Another thing I do is to reinforce our reading remediation steps for decoding while reading. I will use the same tact that our reading program uses to decode a word, use the same words they use for reinforcement so that eventually the words I use (looping, prefixes, suffixes, digraphs, vowel and consonant blends, breaking the word apart, etc..) all have real meaning and become automatic for them to use as skills and not some random pieces of information from a workbook. They are able to create a connection or relation to the teachings and their materials.

Audio Books are a real gift at times. Books on tape or CD can be so wonderful to curl up and listen to when we are just not feeling well or on days when mum might be having a crazy day or just because they are great~! Take some time to check these out at your library.

Other strategies for reading are;

Using a pencil as guide for reading instead of a finger, to help with visual tracking.

Colored overlays or a reading focus card can be helpful for struggling readers. ( we use cover overlays when the print is a bit smaller than usual- I do plan to get the Reading Focus Cards if I see we need them as I think these cna be very helpful for some struggling readers.

Larger font sized books.

Encourage the learner to read their own directions if they can. Then take a hi-lighter or pen and give visual clues to the directions or better yet have the child do this for better understanding. (ie., Circle the nouns and underline the articles; here you would put a circle around the word nouns and would underline the word articles) – very helpful with children who may have memory issues and are visual learners.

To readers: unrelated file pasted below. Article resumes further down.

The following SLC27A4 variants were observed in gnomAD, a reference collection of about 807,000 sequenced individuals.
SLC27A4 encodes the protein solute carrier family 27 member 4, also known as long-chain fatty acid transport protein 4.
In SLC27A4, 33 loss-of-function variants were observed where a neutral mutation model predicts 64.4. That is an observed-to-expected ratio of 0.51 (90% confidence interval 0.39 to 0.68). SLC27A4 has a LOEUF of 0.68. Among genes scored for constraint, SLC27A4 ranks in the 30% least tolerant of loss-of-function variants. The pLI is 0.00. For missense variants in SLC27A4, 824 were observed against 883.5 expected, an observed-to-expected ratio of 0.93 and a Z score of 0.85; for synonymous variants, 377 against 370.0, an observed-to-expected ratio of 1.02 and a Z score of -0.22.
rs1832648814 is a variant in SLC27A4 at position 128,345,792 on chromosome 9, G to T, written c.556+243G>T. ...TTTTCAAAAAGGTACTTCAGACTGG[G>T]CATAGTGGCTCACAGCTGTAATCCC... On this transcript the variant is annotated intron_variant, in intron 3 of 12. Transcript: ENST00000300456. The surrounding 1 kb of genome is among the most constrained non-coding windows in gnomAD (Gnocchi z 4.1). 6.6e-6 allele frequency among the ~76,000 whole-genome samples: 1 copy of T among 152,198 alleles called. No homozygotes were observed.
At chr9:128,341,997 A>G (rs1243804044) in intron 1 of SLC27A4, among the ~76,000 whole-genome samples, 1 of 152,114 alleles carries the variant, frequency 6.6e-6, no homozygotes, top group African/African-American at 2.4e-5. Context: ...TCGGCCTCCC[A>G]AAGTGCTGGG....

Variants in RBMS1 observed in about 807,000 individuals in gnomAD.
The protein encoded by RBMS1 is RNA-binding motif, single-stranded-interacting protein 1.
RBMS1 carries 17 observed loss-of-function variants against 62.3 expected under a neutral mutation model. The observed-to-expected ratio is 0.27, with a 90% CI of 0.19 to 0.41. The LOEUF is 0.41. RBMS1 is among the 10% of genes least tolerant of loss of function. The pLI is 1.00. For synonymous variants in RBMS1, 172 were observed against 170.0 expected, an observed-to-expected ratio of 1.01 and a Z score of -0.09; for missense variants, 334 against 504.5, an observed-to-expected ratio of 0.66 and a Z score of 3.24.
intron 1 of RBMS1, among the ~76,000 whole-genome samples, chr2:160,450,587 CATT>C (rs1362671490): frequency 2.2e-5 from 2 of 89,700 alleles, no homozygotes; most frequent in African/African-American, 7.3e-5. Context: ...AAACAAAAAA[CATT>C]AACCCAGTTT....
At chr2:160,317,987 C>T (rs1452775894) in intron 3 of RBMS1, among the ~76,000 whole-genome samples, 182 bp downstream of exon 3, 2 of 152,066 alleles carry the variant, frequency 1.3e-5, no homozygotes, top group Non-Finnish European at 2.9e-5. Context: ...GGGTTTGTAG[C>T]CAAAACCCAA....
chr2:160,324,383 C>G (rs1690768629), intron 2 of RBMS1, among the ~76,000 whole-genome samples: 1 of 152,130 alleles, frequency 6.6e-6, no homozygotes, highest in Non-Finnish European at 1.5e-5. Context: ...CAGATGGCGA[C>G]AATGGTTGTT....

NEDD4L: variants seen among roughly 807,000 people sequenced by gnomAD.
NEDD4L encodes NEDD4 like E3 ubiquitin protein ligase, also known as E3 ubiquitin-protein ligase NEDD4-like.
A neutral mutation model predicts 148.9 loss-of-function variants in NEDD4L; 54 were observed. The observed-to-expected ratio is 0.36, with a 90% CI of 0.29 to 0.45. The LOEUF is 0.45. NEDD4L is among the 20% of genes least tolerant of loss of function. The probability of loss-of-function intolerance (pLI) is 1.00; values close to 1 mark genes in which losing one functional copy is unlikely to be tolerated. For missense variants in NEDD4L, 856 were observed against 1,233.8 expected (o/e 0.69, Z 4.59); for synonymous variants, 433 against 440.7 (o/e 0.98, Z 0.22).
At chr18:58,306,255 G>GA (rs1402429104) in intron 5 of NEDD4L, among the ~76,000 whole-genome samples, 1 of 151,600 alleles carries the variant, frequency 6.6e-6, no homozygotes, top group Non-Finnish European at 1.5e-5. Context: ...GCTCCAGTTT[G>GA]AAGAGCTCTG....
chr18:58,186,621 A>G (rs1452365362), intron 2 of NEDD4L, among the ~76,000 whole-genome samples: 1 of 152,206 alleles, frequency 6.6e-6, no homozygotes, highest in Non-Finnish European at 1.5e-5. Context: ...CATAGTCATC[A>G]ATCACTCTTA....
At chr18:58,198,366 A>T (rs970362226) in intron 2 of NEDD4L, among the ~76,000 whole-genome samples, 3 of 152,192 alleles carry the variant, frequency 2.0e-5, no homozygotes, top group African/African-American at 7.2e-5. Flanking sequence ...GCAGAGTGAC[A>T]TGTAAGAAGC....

Books that are considered hi/lo, meaning they are high in interest but low in readability. There is also curricula out there that has been created this way as well. One publisher that comes to mind quickly is PCI Publishing.

Fluency can be helped by finding stories that are repetitive in their words. Books like Cat in the Hat and A Kiss for Little Bear are some good examples. This isn’t cheating… really it is not this builds automaticity through sight word recognition and even more importantly build confidence in your young little reader J .

Reading more “short stories” or essays from childrens magazines is a fun way to hinder anxiety and create more interest.

Online reading sites that read the story to you as you follow along are a fun change of pace.

When reading a book that a child really likes and is involved with, check out the author’s site to see if there are any fun activities that they can do with their favorite characters.

Play games for reading is also great for reinforcing new skills. (bingo etc..)
I am sure I will have forgotten some of the things I do, but I hope these have helped add a few more things to your home reading program that make it a bit more enjoyable if not successful~ J
Happy Reading~